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    A circuit design method for linear circuits is needed which will adequately predict circuit per formance as a function of component tolerances. This paper describes a method which weights the probable component variation from its nominal value into one of three groups; the group assignment depends on how seriously the component variation affects over-all performance This technique, identified as the quantized probability design (QPD) method, is compared with the absolute worst case (AWC), the Taylor worst case (TWC), and the uniform probability (UP) methods. The QPD procedure is given, based on the circuit performance equation. Two linear circuit applications are presented and analyzed whic show the effect each component will have on circuit performance. A comparison of design methods shows that the quantized probability design predicts less amplifier gain variation. Actual experience has shown that a closer correlation exists with the quantized probability design method, and therefore its use for linear circuits is recommended. View full abstract»

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  • High Reliability Electronic Parts as Justified System Cost Elements

    Publication Year: 1964 , Page(s): 29 - 32
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    The planned use of premium electronic parts in a forthcoming system is a logical means for assuring failure-free operation comensurate with the best state-of-the-art. However, an over-all analysis of the value of premium parts must show the net worth of improved system performance to more than offset the added initial parts cost. These costs may be in higher procurement costs, added test and evaluation, or more intangible investments. At the outset, a system-production strategy must establish the best level of investment in such features, based upon a conviction that the ``impact'' upon reliability improvement will justify the added initial costs. This paper treats the difficult problem of evaluating the system reliability ``impact'' introduced by increased parts reliability. The necessity for an early investment strategy will limit the level of analytical sophistication available for predicting reliability. Thus, it is useful to examine the validity of reliability ``parts population analyses'' as first-order justifications for investing in high reliability parts for complex electronic systems. View full abstract»

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  • A Quantitative Analysis of Semiconductor Device Failure Rates as Graphically Indicated in Military Handbook 217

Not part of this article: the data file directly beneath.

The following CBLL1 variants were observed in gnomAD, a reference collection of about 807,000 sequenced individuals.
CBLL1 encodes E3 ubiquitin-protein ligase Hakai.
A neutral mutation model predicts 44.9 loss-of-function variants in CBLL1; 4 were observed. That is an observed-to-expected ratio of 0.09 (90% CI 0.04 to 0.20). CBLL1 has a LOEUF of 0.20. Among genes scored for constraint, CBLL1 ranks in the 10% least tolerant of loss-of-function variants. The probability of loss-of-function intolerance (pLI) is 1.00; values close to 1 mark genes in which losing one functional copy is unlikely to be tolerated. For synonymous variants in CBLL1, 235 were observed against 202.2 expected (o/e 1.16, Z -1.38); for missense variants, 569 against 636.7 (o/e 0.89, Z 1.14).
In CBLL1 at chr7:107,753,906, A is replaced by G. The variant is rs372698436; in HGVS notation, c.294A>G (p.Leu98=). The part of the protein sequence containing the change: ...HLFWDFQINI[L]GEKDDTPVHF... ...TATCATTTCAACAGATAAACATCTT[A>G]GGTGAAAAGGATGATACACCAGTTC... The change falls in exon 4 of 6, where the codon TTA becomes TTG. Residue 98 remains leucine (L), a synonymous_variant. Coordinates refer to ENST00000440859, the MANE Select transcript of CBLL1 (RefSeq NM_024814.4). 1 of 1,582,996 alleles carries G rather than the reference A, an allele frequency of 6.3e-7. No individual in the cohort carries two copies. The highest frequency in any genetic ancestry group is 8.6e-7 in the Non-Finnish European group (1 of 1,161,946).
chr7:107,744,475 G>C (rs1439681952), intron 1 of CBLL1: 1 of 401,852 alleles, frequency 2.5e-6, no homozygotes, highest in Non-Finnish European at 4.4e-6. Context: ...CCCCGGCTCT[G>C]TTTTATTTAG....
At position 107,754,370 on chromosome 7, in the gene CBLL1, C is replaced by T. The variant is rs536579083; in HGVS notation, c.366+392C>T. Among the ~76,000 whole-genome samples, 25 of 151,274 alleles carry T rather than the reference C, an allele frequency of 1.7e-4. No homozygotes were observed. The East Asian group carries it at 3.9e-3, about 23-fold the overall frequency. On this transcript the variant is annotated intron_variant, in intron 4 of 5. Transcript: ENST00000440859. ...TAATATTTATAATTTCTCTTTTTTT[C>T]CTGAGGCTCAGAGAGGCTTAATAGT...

Publication Year: 1964 , Page(s): 33 - 41
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    A graphical presentation of semiconductor device failure rates is made in Figs. 13B and 14B of Mil-Hdbk-217 (see Figs. 1 and 2). From this presentation, Equations may be derived which indicate interesting properties, to failure physicists, device engineers, and equipment designers. On the basis of the equations it may be concluded that: (1) extrapolating room temperature failure rates from failure rates of devices stored at elevated temperatures is not likely to be meaningful; (2) there is a definite relationship between storage failure rate and failure rate in actual use (in the temperature range of interest); (3) the storage failure rate is large enough at normal storage temperatures so that, if semiconductor device failure rates influence the reliability of equipment in which they are used, they will contribute significantly to the finite storage life of the equipment (another way of expressing the last statement is that a manufacturer with a large storage inventory of semiconductors will find a significant decrease in the percentage of usable devices with time);(4) there are some instances (as delineated earlier by equations), when increasing the number of semiconductor devices and dividing the load proportionately improves reliability, and there are other cases when it does not. While the analysis makes no claim as to the validity or accuracy of Figs. 1 and 2, the mathematics permits statements about conditions necessary to confirm the data. View full abstract»

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  • Digital Circuit Redundancy

    Publication Year: 1964 , Page(s): 42 - 61
    Cited by:  Papers (14)
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    While some original work is presented, this paper is mainly of the nature of a survey of redundancy techniques to date. Several redundancy techniques are described in detail with mathematical models for estimating reliability improvement. The methods are compared on the basis of reliability improvement and general comments are made about applications. The reliability equations for Moore-Shannon, majority, gate connector, and other redundancies, show that Moore-Shannon type of redundancy provides the best reliability improvement An example of a Moore-Shannon redundant flip-flop shows that large reliability improvements are obtained applying redundancy to only the less reliable components, thus keeping the amount of redundancy to a minimum. View full abstract»

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  • Letter to the Editor

    Publication Year: 1964 , Page(s): 62 - 63
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  • Contributors

    Publication Year: 1964 , Page(s): 64 - 65
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  • [Front cover]

    Publication Year: 1964 , Page(s): c2
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Aims & Scope

IEEE Transactions on Reliability is concerned with the problems involved in attaining reliability, maintaining it through the life of the system or device, and measuring it.

Full Aims & Scope

Meet Our Editors

Editor-in-Chief
Way Kuo
City University of Hong Kong